# Solving Problems Involving Complex Vectors

• Engineering
• Martin Harris
In summary, for problem 1, the vector moduli were calculated using the formula |Vector modulus| = √(a^2 + b^2), where a is the real part and b is the imaginary part of the vector. The vector moduli for a, b, c, and d were found to be 3.605551275463989, 7.211102550927978, 7.211102550927978, and 5, respectively. For problem 2, the system of vectors was given as 3a-2b=7 (Eq1) and -5a+6b=3i (Eq2). To find the vectors a and b, Eq(1)
Martin Harris
Homework Statement
1) The following vectors are given written as complex numbers:
a = 3-2i
b= -6-4i
c= 4+ 6i
d= -4+3i
The requirements: To calculate the vectors' modulus.

2) The following system of vectors is given
3a-2b=7
-5a+6b=3i
The requirements: To find a and b as vectors, as well as to calculate their modulus.
Relevant Equations
Let the vectors be of the following type: z = a+bi, where a = real part, b = imaginary part
Hi

Here is my attempt at a solution for problems 1) and 2) that can be found within the summary.

Problem 1)
a = 3-2i
b= -6-4i
c= 4+ 6i
d= -4+3i

Now, to calculate each vector modulus, I applied the following formula:

$$\left| Vector modulus \right| = \sqrt {(a^2 + b^2) }$$
where a = real part of the vector, and b = imaginary part of the vector

By this formula, the following vector modulus, were calculated:
$$a = \sqrt {13} = 3.605551275463989$$
$$b = 2* \sqrt {13} = 7.211102550927978$$
$$c = 2*\sqrt {13} = 7.211102550927978$$
$$d = \sqrt {25} = 5$$

End of Problem 1 solution attempt

Problem 2)
The following system of vectors is given
$$3a-2b=7 (Eq1)$$
$$-5a+6b=3i (Eq2)$$

I am requested to find vectors a,b as well as to calculate their modulus

From Eq(1), $$vector a = \frac {7a+2b} {3} Eq (3)$$
Substituting vector a with the above form in Eq 2 yields:
$$vector b = 4.375+1.125i$$ or $$vector b = \frac {35} {8} + \frac {9i} {8}$$
Now plugging back vector b in Eq (3) yields:
$$vector a = 5.25 +0.75i$$ or $$vector a = \frac {15.75} {3} + \frac {2.25i} {3}$$

Now, to calculate the vector modulus, the same formula that was used in Problem1 will be applied, hence it will yield the following vector modulus:

$$Modulus for vector a = \frac {15*\sqrt {2}} {4} = 5.303300858899107$$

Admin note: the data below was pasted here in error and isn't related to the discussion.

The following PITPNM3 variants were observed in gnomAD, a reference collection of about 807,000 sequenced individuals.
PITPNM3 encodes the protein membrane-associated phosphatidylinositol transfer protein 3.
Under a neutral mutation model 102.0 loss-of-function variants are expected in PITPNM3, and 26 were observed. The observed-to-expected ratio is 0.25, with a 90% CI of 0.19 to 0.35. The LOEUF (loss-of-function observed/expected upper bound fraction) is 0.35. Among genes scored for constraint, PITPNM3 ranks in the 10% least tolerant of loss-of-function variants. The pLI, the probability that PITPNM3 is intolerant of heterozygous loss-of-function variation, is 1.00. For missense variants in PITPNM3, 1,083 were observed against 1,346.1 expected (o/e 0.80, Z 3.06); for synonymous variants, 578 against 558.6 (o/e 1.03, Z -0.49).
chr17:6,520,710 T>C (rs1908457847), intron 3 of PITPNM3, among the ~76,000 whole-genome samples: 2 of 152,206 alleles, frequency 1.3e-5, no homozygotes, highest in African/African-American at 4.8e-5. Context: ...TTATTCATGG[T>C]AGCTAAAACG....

$$Modulus for vector b = 4.517327749898163$$

End of Problem 2 solution attempt

I would be more than grateful if someone could peer-review (check my attempt).
Many thanks!

Last edited:
It seems all right but would be more accurate to write it using root e.g.
$$a=\sqrt{13}$$

Martin Harris

berkeman

## 1. What is a complex vector?

A complex vector is a mathematical object that consists of a set of complex numbers arranged in a specific order. It can be represented as a column or row matrix and is often used to represent quantities that have both magnitude and direction, such as forces or electric fields.

## 2. How do you manipulate complex vectors?

Complex vectors can be manipulated using basic vector operations such as addition, subtraction, and scalar multiplication. These operations are performed on the individual components of the vector, which are complex numbers. Additionally, complex vectors can also be multiplied using the dot product or cross product, depending on the context.

## 3. What is the significance of complex vectors in science?

Complex vectors are widely used in science, particularly in fields such as physics, engineering, and mathematics. They are used to represent physical quantities that have both magnitude and direction, making them useful for solving problems involving forces, electric and magnetic fields, and other complex systems.

## 4. Can complex vectors be visualized?

Yes, complex vectors can be visualized in a two-dimensional or three-dimensional coordinate system, similar to how we visualize regular vectors. In two dimensions, they can be represented as arrows with a specific length and direction. In three dimensions, they can be represented as arrows in space with a specific magnitude and direction.

## 5. Are there any real-world applications of manipulating complex vectors?

Yes, there are many real-world applications of manipulating complex vectors. Some examples include analyzing the behavior of electric and magnetic fields, designing electrical circuits, and solving problems in fluid mechanics. They are also used in computer graphics and animation to represent and manipulate 3D objects.

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